There is no freedom under colonialism for the colonized, and so there is no peace. The systematic denial of basic humanity, in which every inroad toward dignity and growth for the colonized is blockaded, diverted, and poached for the benefit of the colonizers “peaceful” existence in the occupied territory, is the violence that engenders the colonized with the methods of their liberation. Under these conditions, revolutionary violence becomes not only necessary, but justified by that necessity. It is the only means left and it is the hand that colonialism forces. It is not the inverse to peace; it its only precursor. — From Frank's picks
The sixtieth anniversary edition of Frantz Fanon's landmark text, now with a new introduction by Cornel West
First published in 1961, and reissued in this sixtieth anniversary edition with a powerful new introduction by Cornel West, Frantz Fanon's The Wretched of the Earth is a masterfuland timeless interrogation of race, colonialism, psychological trauma, and revolutionary struggle, and a continuing influence on movements from Black Lives Matter to decolonization. A landmark text for revolutionaries and activists, The Wretched of the Earth is an eternal touchstone for civil rights, anti-colonialism, psychiatric studies, and Black consciousness movements around the world. Alongside Cornel West's introduction, the book features critical essays by Jean-Paul Sartre and Homi K. Bhabha. This sixtieth anniversary edition of Fanon's most famous text stands proudly alongside such pillars of anti-colonialism and anti-racism as Edward Said's Orientalism and The Autobiography of Malcolm X.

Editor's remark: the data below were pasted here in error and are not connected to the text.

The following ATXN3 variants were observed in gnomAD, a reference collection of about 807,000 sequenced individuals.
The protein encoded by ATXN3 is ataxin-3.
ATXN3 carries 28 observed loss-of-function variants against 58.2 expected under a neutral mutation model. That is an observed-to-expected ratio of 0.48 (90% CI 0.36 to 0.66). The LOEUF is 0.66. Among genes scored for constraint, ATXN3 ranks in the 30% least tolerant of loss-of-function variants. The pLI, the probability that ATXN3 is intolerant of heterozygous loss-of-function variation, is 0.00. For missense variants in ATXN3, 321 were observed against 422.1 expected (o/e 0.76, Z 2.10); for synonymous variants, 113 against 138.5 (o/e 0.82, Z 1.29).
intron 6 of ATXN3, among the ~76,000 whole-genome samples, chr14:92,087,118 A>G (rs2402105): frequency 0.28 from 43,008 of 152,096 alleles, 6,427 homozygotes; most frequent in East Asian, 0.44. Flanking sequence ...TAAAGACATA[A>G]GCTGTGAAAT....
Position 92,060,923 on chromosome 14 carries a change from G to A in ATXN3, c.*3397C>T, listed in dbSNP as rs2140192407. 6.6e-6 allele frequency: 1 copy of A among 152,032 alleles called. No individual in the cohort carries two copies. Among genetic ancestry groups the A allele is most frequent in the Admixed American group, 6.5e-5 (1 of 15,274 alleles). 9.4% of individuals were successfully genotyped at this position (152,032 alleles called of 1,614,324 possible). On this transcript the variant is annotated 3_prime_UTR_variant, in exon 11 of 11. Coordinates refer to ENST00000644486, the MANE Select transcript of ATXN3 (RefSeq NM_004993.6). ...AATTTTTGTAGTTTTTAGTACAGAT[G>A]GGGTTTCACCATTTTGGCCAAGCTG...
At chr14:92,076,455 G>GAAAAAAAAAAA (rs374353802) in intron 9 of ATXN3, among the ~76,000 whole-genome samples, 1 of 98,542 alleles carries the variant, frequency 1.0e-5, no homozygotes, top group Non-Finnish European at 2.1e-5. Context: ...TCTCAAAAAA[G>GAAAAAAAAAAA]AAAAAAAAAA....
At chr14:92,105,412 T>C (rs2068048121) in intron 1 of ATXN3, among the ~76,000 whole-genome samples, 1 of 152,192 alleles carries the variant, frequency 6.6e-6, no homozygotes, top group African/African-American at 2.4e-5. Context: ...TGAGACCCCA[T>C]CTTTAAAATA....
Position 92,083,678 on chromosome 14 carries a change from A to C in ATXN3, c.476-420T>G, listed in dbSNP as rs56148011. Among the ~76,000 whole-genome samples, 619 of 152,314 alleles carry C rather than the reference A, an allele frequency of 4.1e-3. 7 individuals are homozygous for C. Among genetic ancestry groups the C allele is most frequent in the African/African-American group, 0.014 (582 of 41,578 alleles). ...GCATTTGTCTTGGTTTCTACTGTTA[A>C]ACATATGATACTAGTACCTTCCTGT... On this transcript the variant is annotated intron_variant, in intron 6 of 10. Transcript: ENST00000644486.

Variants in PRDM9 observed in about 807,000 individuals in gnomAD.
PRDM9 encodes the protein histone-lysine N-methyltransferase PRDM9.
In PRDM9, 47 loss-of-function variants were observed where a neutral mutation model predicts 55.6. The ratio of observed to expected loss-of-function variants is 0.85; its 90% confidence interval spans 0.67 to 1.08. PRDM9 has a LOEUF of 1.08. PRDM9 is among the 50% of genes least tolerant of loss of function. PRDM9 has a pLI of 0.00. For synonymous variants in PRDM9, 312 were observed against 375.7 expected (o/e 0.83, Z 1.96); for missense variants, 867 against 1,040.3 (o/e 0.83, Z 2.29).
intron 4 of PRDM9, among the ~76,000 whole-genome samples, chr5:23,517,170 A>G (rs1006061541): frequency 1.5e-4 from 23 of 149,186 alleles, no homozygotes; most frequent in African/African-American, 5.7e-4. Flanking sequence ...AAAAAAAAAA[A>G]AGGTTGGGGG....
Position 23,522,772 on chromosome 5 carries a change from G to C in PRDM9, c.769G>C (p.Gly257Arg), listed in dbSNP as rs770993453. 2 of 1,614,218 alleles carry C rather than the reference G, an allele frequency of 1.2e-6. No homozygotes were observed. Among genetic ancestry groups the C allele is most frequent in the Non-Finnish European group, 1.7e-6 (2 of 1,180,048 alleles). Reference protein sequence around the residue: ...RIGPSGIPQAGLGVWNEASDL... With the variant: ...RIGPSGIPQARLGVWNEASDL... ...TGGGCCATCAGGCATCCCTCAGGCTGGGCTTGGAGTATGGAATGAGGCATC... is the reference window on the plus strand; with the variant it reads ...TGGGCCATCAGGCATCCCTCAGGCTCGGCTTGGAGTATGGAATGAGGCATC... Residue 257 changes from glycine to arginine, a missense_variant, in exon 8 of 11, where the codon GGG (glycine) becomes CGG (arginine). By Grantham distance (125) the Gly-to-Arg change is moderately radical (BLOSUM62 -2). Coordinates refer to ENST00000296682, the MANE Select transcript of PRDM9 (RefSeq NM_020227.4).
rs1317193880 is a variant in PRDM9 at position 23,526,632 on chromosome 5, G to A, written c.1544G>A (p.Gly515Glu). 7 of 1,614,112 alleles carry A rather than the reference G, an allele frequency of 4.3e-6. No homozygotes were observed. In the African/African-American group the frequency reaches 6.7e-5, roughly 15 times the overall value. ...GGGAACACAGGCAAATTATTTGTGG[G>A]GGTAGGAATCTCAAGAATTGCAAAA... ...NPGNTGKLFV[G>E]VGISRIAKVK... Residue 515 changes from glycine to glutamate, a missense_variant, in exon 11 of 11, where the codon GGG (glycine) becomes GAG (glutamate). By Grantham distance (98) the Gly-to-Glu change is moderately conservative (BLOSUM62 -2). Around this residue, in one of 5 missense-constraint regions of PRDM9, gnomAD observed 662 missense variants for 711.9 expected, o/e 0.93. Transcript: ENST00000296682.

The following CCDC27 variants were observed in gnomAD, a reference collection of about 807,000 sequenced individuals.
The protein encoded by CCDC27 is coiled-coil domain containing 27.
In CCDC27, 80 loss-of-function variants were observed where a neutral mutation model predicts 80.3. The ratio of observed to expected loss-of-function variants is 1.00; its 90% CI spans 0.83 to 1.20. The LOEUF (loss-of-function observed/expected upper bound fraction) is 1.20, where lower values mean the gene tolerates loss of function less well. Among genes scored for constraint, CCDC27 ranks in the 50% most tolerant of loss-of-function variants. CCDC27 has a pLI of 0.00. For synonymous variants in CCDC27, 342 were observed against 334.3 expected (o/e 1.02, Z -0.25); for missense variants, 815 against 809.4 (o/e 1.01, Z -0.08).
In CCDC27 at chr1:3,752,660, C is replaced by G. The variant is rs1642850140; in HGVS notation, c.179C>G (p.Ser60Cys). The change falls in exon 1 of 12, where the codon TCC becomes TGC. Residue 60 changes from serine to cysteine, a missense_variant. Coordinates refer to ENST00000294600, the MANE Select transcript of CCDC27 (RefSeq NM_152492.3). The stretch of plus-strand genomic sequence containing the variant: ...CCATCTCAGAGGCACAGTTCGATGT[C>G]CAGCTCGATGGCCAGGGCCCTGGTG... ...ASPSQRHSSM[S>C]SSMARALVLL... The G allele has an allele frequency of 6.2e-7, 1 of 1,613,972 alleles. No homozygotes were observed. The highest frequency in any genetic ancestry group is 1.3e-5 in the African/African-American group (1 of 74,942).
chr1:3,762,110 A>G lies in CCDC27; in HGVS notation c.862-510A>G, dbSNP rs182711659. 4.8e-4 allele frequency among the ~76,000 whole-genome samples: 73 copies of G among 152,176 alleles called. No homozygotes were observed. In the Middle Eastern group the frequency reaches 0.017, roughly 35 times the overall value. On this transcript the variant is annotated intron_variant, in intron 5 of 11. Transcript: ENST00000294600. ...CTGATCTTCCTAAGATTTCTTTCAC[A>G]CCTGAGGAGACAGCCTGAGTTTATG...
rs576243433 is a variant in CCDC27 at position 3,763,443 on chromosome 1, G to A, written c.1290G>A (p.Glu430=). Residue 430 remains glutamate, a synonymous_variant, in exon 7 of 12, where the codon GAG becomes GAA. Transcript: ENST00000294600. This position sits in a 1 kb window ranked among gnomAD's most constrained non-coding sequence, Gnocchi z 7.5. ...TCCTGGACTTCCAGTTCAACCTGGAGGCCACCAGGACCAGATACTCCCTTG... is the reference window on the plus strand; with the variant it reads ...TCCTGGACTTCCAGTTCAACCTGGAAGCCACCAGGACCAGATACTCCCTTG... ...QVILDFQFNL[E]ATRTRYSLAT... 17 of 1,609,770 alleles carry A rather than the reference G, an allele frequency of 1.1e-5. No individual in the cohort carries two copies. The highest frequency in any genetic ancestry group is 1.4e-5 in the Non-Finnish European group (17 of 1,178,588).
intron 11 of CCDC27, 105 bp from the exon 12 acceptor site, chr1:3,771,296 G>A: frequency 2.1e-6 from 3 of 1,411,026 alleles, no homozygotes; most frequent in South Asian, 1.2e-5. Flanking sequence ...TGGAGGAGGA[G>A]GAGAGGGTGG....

About the Author
Frantz Fanon was born in Martinique in 1925. He served in the French Army during World War II, and later studied medicine and psychiatry in France, where he published his first book, Black Skin, White Masks in 1952. He joined the Algerian Nationalist Movement in the mid-1950s, and published The Wretched of the Earth shortly before dying of leukemia in December 1961.